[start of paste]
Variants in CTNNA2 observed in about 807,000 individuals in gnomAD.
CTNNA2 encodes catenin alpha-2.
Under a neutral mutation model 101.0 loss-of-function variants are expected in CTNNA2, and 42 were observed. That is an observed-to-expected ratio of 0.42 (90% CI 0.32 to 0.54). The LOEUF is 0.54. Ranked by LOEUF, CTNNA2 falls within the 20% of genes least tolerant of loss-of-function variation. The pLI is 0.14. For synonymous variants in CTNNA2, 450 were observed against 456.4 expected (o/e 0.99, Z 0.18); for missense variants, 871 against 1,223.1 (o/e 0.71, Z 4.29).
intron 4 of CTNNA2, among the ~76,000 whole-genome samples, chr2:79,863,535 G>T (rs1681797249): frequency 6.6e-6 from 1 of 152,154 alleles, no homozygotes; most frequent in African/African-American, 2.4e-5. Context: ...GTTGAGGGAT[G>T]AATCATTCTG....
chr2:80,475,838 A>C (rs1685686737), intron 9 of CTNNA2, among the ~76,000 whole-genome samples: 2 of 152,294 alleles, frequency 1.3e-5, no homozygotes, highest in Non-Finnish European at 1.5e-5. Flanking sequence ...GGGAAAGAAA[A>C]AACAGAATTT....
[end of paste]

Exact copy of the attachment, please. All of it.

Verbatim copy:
Variants in CTNNA2 observed in about 807,000 individuals in gnomAD.
CTNNA2 encodes catenin alpha-2.
Under a neutral mutation model 101.0 loss-of-function variants are expected in CTNNA2, and 42 were observed. That is an observed-to-expected ratio of 0.42 (90% CI 0.32 to 0.54). The LOEUF is 0.54. Ranked by LOEUF, CTNNA2 falls within the 20% of genes least tolerant of loss-of-function variation. The pLI is 0.14. For synonymous variants in CTNNA2, 450 were observed against 456.4 expected (o/e 0.99, Z 0.18); for missense variants, 871 against 1,223.1 (o/e 0.71, Z 4.29).
intron 4 of CTNNA2, among the ~76,000 whole-genome samples, chr2:79,863,535 G>T (rs1681797249): frequency 6.6e-6 from 1 of 152,154 alleles, no homozygotes; most frequent in African/African-American, 2.4e-5. Context: ...GTTGAGGGAT[G>T]AATCATTCTG....
chr2:80,475,838 A>C (rs1685686737), intron 9 of CTNNA2, among the ~76,000 whole-genome samples: 2 of 152,294 alleles, frequency 1.3e-5, no homozygotes, highest in Non-Finnish European at 1.5e-5. Flanking sequence ...GGGAAAGAAA[A>C]AACAGAATTT....